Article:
This is particularly challenging when it comes to transportation spending. New York City relies primarily on mass transit for their transportation needs. In Upstate, our primary mode of transportation is our cars. Accordingly, the needs of each region tend to be very different. NYC relies on the Metropolitan Transportation Authority (“MTA”) to maintain their bus, subway and train systems and Upstate relies on the Department of Transportation (“DOT”) to maintain our roads and bridges.
Unfortunately, Upstate is often shortchanged. From 2010-15, the MTA received $23.8 billion for its 5-year capital plan while the DOT during the same time received $18.6 billion to maintain its aging and crumbling infrastructure. This is a difference of $5.2 billion. The disparity in funding becomes a long-term problem and, on a practical level, makes it harder to keep up with scheduled road maintenance that keeps roads safe. The latest report completed by the American Society of Civil Engineers in 2015 gave New York’s roads and bridges grades of D- and D+ respectively. A recent analysis of New York State Department of Transportation’s road pavement condition report shows the total lane miles that have been resurfaced and other maintenance work has decreased since 2012. In 2012, there were 4,473 lane miles resurfaced but in 2016, that number dropped to 1,687.
Advocacy helps on both a local and statewide level. The regional DOT is responsive to constituents’ concerns and is helpful when it comes to state highway issues in the district. As a result, my office has been successful in advocating for local projects to be completed by the regional DOT and, in some cases, helped expedite road repair projects. On the state level, the legislature has been successful in negotiating more money for roads and bridges than what the Governor proposed during the past 6 years. In 2013, due to the pressure put on by myself, fellow Upstate legislative colleagues and highway superintendents throughout the state, we were able to get a $75 million increase in base funding for the Consolidated Local Street and Highway Improvement Program (“CHIPS”)—the program that provides aid to our local highway departments. Thankfully, we have been able to maintain that investment and keep the road maintenance funding available for localities.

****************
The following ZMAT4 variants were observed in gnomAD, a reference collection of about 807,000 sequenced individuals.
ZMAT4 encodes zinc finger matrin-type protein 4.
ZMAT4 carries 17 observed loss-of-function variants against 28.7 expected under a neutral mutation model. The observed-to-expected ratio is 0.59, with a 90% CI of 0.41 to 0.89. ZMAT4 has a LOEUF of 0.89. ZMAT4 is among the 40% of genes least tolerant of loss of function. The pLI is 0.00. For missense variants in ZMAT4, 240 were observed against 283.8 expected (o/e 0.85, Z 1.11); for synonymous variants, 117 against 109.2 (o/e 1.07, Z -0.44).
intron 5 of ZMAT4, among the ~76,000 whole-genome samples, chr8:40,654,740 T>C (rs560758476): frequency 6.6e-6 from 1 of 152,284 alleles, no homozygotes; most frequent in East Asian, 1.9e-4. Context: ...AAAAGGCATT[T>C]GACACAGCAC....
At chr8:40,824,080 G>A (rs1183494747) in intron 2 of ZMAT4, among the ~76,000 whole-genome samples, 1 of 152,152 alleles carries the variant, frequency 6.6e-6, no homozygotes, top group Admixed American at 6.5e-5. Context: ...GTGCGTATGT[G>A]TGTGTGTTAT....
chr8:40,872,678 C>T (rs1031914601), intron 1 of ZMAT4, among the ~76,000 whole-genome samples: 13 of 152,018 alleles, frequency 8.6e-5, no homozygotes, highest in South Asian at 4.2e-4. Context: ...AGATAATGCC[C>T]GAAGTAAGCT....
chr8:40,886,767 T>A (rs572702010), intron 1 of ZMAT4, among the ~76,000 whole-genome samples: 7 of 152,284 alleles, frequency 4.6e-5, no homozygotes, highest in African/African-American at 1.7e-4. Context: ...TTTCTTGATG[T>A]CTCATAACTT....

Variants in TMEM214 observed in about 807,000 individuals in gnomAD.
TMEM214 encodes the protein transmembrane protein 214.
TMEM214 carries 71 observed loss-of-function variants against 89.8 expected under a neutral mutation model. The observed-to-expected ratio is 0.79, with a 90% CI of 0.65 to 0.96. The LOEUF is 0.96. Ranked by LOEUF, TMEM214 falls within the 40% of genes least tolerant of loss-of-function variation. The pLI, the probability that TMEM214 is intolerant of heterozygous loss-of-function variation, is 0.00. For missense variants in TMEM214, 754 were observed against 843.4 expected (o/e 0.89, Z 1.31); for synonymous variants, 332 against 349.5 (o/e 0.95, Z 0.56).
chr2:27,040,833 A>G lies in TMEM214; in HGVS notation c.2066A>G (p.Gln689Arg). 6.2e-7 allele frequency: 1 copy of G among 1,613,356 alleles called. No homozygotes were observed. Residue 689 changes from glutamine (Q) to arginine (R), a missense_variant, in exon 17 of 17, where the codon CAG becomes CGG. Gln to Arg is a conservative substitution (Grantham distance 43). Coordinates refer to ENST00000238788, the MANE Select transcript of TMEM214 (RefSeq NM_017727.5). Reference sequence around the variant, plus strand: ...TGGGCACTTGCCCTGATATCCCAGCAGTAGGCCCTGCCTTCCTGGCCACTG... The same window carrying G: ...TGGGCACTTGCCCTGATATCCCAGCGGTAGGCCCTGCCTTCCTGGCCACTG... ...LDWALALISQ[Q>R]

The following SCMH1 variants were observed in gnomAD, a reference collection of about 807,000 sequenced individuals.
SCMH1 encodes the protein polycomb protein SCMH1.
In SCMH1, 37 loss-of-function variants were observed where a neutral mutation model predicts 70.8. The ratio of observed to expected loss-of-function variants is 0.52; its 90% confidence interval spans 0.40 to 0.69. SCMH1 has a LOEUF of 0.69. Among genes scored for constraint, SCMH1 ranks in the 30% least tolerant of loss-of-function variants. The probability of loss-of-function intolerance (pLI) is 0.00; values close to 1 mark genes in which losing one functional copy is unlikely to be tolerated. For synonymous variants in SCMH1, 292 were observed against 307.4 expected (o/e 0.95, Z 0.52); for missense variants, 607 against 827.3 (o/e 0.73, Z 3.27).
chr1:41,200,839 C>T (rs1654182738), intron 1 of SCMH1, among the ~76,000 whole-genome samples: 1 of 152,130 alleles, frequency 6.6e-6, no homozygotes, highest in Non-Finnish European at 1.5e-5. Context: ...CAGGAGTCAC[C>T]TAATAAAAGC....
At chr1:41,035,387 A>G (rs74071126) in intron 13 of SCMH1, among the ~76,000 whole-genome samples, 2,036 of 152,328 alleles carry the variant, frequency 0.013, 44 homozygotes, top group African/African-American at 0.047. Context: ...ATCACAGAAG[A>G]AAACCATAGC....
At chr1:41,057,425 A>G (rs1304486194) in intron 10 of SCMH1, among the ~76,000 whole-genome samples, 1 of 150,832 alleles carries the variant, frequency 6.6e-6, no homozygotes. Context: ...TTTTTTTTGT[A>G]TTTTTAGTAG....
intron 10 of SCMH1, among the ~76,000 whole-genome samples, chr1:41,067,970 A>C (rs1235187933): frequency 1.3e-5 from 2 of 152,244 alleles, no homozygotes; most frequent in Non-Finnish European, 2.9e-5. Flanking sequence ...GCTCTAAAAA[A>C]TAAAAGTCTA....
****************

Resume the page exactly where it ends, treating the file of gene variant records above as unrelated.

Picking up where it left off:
Because of these successes, we want to push further and start the discussion earlier. Next week, I will co-host an Infrastructure Task Force in Auburn with my colleague, Assemblyman Gary Finch (R,C,I--Auburn). We will be joined by other members of the State Assembly who are also concerned about Upstate's infrastructure. Area leaders such as local highway superintendents, school transportation officials, and business owners who spend a lot of time on our roads and bridges have been invited. The meeting in Auburn will be the first of 8 regional task forces that will be held across the state. The knowledge these stakeholders share will be used to further our arguments for Upstate in Albany.
I have continually fought for more infrastructure dollars for Upstate because I see how much of an impact the projects can make in our communities. I will continue this push and work toward parity for Upstate. Our Upstate economy depends on it. If you have any questions or comments regarding this or any other state issue, please contact me. My office can be reached by mail at 200 North Second Street, Fulton, New York 13069, by e-mail at [email protected] or by calling (315) 598-5185. You can also friend me, Assemblyman Barclay, on Facebook.